I'm hoping that his Grandma's garden will make an impression that will last a lifetime for him. It's not that it's some fancy pants garden. It really isn't. It's just a country garden that's been my mother's pride and joy for almost half a century. She's spent a big chunk of her life in that garden, taking care of her precious plants, planning for next season, feeding her family from its bounty and enjoying its crazy, slightly chaotic colour.
Today it's full of scent: sweet peas, pinks, mock orange, sweet William, carnations and the most exquisite scented peony roses that I've ever beheld. I've put a photo of this last beauty below, and, believe me it's the most exquisite thing that's ever grown in a flower bed.
One thing that my mum has understood very clearly from the get-go is the importance of looking after her soil. It's been well nourished over the years with loads of rotted manure and her own home-made compost. If you step onto one of her flower beds you feel the slightly spongy sensation under foot of thick, well-aerated soil that's been hoed and hasn't compressed.
There are plants from just about everywhere she's visited. Some have been propagated from the odd seed pod that's surreptitiously found its way into her pocket. Others have come to their new home as slips, cuttings that have been carefully carried back in her handbag. And when it comes to buying her a present, well there's nothing that will bring a bigger smile to her face than something she can plant in her garden.
At the moment she's got an amazing display of poppies that came from a trip many years' ago to the Chelsea flower show, where someone sold her a few packets of mixed Himalayan poppies. They've grown and reseeded and kept the colour blooming faithfully every year for the better part of a decade.
And then there are her little feathered friends. She feeds them conscientiously, and they watch out for her from the hedgerows around the lawn. Sometimes they mistake me for my mum and follow me around the garden too, watching to see whether I've got some treats for them. It's a funny feeling being stalked by sparrows and blue tits.
We've never really got too bogged down with the highfalutin botanical names for the plants. The Mock Orange above is one of my favourites. It grows as an untidy looking shrub on an East-facing slope in the garden, but its fragrance is sublime. A friend who's a landscape gardener, always pulls an appalled expression when I mention how much I love this shrub. In her view it's an architectural disaster that looks like a badly constructed bird's nest. Harsh words, but for me the issue starts and finishes with its wonderful scent.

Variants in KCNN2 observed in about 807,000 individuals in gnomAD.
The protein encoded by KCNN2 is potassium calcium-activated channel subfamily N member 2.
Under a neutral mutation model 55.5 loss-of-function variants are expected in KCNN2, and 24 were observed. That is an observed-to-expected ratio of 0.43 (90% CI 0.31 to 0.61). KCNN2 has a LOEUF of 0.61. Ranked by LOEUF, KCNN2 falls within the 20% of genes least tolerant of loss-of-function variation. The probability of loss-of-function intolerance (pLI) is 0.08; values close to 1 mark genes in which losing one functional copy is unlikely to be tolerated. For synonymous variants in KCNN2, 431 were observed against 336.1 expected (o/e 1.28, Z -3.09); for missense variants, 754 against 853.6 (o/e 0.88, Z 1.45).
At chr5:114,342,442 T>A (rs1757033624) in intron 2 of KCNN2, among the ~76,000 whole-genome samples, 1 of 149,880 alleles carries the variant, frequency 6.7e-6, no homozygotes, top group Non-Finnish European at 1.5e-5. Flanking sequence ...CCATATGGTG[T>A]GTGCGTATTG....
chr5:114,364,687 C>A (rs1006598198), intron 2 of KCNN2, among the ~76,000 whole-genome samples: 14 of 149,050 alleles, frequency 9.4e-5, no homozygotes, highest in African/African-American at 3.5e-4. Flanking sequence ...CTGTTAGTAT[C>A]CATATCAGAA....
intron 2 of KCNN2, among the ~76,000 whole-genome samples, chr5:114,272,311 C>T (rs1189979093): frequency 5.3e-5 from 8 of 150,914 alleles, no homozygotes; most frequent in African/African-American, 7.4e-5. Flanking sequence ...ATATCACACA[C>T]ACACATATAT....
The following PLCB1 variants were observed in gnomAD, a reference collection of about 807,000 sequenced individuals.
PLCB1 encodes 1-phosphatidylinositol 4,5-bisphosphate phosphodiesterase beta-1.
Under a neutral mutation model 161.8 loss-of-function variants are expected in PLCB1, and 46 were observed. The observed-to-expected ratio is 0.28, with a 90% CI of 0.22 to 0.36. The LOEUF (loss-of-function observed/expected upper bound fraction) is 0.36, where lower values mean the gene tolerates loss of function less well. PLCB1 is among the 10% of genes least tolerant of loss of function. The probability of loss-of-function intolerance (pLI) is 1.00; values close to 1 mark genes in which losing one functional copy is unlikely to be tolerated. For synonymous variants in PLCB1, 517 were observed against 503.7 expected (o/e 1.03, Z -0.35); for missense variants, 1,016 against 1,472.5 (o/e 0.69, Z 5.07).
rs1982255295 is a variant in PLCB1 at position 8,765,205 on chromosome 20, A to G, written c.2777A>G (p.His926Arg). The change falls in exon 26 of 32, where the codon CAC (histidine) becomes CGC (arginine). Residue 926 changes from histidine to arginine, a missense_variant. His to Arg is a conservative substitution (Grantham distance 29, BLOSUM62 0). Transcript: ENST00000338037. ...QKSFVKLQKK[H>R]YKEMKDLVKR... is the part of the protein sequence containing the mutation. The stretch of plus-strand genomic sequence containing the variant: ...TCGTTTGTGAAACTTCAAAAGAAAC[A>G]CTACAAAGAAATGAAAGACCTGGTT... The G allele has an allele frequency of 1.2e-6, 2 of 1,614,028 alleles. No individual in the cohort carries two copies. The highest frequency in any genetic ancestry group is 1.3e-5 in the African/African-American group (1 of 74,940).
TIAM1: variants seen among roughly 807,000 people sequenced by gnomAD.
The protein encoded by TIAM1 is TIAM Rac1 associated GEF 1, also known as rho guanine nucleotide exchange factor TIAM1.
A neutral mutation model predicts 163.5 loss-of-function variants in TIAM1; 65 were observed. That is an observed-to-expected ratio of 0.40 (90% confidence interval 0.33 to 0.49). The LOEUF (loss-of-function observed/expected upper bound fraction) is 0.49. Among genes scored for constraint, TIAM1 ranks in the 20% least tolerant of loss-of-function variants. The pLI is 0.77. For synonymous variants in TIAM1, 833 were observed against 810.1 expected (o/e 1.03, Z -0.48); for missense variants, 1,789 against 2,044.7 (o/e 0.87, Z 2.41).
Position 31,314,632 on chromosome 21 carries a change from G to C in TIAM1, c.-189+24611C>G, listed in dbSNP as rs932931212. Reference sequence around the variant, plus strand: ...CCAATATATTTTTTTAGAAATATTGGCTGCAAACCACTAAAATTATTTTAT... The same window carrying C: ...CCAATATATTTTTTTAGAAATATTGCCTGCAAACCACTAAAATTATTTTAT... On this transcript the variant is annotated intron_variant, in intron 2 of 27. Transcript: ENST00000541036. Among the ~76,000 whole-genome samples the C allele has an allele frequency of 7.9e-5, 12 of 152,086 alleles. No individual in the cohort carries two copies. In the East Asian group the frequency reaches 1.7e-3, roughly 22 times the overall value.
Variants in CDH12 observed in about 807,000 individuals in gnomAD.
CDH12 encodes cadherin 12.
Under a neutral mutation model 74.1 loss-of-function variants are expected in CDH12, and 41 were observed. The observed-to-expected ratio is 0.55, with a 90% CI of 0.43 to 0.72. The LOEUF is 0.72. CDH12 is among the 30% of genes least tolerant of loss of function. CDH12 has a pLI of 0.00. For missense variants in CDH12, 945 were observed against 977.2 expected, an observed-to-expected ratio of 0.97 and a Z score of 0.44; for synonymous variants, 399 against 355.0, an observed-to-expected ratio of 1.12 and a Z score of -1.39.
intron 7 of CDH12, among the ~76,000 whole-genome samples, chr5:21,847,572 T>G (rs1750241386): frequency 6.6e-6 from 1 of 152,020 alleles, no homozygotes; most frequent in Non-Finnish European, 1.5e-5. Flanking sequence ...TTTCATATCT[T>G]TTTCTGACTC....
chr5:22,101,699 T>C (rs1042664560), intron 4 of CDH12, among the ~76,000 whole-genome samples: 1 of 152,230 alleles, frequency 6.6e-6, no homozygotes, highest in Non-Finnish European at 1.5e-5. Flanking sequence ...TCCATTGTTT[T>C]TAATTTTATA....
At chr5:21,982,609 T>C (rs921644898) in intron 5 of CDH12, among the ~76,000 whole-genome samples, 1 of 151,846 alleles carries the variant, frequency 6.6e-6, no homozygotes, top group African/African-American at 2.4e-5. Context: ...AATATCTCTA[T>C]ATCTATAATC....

And in this garden nothing goes to waste. Delivery crates are up-cycled into flower pots. Wellington boots with holes in that have no chance of keeping your toes dry any longer find a new lease of life as homes for geraniums.
I always come away with a serious case of delphinium envy. Aren't these blue beauties (above) stunning? They just won't grow like this for me in London.
At the back of the garden the lawn morphs into a pathway that leads on to the field beyond. There's lots of cow parsley, fox gloves and meadowsweet down there at this time of the year. It's a haven for wildlife. Occasionally they find a hedgehog cuddled into a nice cosy clump of dry elephant grass in the autumn.
And this (below) is Miss Blondie, my mum's dog, who guards the garden from any interfering pussy cats who might be tempted to come in and dig up the plants. She's a sweet old girl who's seen a fair few summers, and ranks well above the Wonder Dog in our little household pecking order. As the junior cadet he respectfully waits his turn, and generally does what he has to in order to stay on her good side.
The climate here is quite damp. Moss grows really well, as does lichen. Just look at the beautiful growth on this dead branch. I think it's got moss grown over with a couple of different types of lichen. It's really much too pretty to prune.
And that's about the size of it: nothing that's going to win us any RHS gold medals, but it's our very own little corner of garden heaven nonetheless.
Yesterday Emi, my father and I visited one of my favourite childhood haunts, the Carrick-a-Rede rope bridge, just outside Ballycastle in County Antrim. I remember coming here as a little girl and being both scared out of my wits and exhilarated with the challenge of crossing the bridge. Reaching the other side safely always felt like a really big deal to my eight or nine year old self.